ICC CEAG webinar explores the euro zone

  • 9 July 2010

The current economic situation in the euro zone and its global impact was the subject of the first ICC Corporate Economists Advisory Group (CEAG) webinar, held this week.

The webinar, which took place on 7 July, revealed how recovery in the fragile euro zone has been weaker than in the United States and Japan. Domestic demand only ceased to fall in the first quarter of 2010 despite strong fiscal and monetary policy, which reduced interest rates to close to zero and generated an extraordinary liquidity provision, webinar participants heard.

Sveinbjorn Blondal, Head of the Macroeconomic Policy Division of the Organization for the Economic Cooperation and Development (OECD), shared his views in a forty minute presentation, followed by an interactive session of questions and answers in real time.

Mr Blondal reported that the euro zone’s recovery had been hampered by a structural policy setting that impeded adjustment to negative and repeated shocks. There were also concerns that had undermined confidence and raised outlook risks.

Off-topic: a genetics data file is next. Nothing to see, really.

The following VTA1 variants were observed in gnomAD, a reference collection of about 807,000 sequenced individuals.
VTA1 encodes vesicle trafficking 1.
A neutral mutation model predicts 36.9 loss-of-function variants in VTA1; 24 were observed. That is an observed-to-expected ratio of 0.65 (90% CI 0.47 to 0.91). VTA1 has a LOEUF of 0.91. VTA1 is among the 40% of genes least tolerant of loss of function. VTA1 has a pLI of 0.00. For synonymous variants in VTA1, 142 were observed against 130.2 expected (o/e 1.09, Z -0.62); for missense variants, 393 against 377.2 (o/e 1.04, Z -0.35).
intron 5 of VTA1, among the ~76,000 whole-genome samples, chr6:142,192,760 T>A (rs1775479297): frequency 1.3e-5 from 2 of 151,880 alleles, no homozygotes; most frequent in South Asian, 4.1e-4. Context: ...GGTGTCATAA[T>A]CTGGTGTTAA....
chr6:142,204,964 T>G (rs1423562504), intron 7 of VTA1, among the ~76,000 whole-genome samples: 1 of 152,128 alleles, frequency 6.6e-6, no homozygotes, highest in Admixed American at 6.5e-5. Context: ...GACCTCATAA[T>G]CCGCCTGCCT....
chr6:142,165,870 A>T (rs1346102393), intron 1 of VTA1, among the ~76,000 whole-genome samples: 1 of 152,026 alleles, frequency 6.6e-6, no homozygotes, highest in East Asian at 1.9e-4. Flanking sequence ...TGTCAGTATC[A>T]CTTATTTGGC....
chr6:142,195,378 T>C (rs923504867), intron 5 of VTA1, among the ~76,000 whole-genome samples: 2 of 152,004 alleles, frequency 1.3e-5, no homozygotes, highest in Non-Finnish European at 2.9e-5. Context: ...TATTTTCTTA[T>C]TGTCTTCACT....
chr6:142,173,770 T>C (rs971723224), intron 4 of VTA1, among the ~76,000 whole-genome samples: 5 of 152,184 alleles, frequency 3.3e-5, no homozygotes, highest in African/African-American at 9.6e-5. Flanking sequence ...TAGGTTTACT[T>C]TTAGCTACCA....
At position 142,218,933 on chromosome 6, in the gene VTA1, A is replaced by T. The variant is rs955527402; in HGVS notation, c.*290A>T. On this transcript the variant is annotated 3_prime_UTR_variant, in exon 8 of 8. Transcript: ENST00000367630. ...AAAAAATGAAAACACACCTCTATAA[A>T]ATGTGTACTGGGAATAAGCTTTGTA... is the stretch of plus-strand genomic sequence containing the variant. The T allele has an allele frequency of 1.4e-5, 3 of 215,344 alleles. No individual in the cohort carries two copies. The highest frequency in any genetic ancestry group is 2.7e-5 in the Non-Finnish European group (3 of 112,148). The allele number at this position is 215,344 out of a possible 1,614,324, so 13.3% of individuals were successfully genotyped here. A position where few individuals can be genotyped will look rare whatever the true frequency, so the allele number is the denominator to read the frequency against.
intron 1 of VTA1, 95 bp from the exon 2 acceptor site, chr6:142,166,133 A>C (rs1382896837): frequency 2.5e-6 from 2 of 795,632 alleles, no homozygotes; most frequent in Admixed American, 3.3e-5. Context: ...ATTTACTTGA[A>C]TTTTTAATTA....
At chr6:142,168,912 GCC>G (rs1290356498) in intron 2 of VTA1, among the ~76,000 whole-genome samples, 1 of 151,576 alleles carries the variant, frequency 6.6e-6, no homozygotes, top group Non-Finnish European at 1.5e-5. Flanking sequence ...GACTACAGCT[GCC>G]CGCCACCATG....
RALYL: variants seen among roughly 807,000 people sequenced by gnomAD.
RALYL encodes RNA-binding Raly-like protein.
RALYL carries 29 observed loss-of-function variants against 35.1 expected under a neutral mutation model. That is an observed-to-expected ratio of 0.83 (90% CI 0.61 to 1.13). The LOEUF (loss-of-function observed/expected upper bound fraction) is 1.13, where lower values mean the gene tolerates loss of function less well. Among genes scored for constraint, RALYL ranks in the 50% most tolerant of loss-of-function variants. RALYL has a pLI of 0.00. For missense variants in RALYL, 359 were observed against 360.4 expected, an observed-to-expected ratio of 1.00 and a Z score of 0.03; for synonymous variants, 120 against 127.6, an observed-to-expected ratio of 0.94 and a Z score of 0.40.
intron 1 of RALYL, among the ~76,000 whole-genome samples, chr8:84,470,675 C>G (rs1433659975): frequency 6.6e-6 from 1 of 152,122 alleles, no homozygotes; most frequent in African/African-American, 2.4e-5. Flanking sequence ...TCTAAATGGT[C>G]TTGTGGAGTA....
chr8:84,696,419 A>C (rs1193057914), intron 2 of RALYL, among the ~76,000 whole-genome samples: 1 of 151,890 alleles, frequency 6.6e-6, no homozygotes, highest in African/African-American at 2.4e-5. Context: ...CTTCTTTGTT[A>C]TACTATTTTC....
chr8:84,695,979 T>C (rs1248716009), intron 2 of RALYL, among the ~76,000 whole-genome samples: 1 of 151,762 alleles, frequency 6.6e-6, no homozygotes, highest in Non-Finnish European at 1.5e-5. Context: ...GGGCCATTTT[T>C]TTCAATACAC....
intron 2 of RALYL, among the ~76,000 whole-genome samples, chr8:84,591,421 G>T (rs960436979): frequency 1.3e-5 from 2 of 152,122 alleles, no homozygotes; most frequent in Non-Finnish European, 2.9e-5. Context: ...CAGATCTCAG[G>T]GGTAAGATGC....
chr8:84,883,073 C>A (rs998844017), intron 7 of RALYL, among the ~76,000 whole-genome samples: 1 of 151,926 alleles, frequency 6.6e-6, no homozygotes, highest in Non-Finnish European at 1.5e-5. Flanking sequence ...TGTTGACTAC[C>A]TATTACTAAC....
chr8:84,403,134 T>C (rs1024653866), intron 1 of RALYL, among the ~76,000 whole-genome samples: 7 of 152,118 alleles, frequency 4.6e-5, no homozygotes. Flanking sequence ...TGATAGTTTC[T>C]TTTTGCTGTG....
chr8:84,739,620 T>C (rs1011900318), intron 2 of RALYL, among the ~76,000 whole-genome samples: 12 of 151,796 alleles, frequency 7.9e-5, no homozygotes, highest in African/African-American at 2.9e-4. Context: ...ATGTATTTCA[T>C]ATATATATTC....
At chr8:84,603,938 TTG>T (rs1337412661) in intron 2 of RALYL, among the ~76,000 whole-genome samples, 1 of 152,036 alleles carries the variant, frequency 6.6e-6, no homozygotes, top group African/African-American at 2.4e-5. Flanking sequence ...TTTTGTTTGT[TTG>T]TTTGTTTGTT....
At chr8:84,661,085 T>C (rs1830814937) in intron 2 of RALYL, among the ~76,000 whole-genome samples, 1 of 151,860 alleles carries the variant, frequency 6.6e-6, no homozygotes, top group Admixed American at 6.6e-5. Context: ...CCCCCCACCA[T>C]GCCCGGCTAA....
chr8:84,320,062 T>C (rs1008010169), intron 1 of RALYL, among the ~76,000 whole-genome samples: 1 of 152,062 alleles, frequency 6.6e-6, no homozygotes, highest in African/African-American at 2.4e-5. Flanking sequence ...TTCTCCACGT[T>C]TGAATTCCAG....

The current turbulence implied a number of inter-related concerns such as: the fiscal situation and sovereign debt, weak banking systems, imbalances and competitiveness problems within the euro zone, and governance issues.

Webinar participants also heard how a major near-term fiscal consolidation plan had already been decided (In Greece 11% of GDP in 2010-2012 and in Portugal and Spain 5% of GDP in 2010-2011) but elicited only a muted reaction in financial markets, especially for Greece. Doubts about implementation of consolidation and questioning of fiscal sustainability, even given planned consolidation, explained the muted reaction, according to Mr Blondal.

The OECD economic outlook on the euro zone for May 2010 showed a very weak recovery of 2.25 % in the fourth quarter of 2011. Since the outlook was released more intensive fiscal consolidation is expected in 2011 (by 0.3% of GDP).

Regarding the impact of euro area developments on the rest of the world, the import ratio in the euro area was similar to that of the United States and Japan. The share of exports destined to the euro area differed across countries: around 10% in Japan and China, close to 20% in the United States and close to 50% in the United Kingdom.